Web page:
Despite Ultra-Low Borrowing Costs For US Banks, 1 In 10 Charge Ultra-High Interest Rates On Loans

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For more than four years now, the nation's banks have been able to borrow at close to zero percent, courtesy of the Federal Reserve's loose monetary policy and extraordinary steps to encourage lending. But despite that, depositors with savings accounts and even short-term certificates of deposit get little more than pennies in interest after handing tens of thousands of dollars to banks for safekeeping.

Not only that, but a new report from the Federal Deposit Insurance Commission shows 11 percent of banks admitting they charge more than 36 percent annual interest on small consumer loans of less than $2,500. That's so high it exceeds the penalty rates on many credit cards, and blows past the maximum amount payday lenders can charge in many states.

The 11 percent figure comes from a report by the FDIC that was meant to show what steps banks are taking to provide services to underserved communities, and where they are falling short. The FDIC uses the 36 percent threshold, given that research has found such an amount -- slightly less than $2.80 each month for each $100 loaned -- is the most lenders can charge before many consumers begin falling behind on their debt.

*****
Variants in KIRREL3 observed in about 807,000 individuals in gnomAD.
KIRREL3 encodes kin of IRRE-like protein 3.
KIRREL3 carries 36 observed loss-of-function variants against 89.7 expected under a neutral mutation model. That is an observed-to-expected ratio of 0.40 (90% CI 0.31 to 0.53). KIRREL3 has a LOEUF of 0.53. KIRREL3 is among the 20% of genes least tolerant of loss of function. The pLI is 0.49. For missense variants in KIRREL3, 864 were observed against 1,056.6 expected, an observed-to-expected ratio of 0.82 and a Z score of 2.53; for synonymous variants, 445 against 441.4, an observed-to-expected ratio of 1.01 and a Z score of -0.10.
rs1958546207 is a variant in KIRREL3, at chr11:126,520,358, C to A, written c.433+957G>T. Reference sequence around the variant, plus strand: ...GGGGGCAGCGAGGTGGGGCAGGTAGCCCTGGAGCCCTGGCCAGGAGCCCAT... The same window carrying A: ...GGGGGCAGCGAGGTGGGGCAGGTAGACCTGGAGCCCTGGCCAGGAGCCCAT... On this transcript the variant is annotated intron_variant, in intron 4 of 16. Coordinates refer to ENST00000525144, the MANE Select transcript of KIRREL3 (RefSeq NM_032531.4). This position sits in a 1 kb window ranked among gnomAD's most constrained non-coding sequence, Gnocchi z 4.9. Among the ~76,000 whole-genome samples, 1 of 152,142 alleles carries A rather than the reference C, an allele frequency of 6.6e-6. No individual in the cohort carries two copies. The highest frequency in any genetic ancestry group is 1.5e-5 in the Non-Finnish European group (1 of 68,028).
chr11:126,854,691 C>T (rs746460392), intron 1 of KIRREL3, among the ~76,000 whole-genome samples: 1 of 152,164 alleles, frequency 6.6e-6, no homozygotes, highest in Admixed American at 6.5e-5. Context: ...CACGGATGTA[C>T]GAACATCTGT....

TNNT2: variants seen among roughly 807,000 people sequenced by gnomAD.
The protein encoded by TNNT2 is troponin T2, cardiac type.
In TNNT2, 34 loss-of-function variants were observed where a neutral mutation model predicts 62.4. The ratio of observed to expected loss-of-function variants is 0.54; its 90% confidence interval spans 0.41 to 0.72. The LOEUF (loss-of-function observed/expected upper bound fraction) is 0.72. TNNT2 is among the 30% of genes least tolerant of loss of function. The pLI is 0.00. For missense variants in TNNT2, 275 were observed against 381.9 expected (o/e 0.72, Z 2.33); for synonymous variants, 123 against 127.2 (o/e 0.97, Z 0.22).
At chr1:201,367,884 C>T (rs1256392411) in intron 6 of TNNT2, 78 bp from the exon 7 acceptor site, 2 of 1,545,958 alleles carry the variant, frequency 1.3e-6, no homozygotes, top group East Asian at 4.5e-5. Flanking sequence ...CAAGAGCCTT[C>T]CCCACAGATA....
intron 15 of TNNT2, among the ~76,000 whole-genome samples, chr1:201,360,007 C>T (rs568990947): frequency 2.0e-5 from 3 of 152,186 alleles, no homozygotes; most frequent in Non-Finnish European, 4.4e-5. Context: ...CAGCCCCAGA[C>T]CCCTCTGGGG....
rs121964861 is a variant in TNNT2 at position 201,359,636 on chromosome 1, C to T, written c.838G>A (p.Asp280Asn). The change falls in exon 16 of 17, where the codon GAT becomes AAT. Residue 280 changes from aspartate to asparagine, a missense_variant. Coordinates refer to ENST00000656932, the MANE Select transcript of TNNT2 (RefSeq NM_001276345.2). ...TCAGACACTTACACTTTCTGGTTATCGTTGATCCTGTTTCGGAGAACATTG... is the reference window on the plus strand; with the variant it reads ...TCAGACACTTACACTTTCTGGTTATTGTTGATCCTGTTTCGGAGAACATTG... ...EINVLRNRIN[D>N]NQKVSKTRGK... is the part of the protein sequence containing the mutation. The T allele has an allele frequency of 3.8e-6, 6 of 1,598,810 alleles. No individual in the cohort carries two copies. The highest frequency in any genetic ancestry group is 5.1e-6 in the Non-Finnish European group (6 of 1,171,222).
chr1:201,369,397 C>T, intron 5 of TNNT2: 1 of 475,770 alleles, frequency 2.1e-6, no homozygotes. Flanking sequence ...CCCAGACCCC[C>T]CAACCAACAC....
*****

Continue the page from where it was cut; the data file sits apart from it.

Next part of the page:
Providing small loans with reasonable rates is considered important to getting people at the margins of the financial community to use bank services, establish credit and otherwise become financially functional.

But banks, especially larger ones, don't always prioritize providing this kind of service.

"Small and mid-size banks were more likely to make unsecured personal loans in amounts under $2,500, to charge less on the auxiliary products and services they did offer, and to make funds available on the same day when cashing checks," the FDIC report found.

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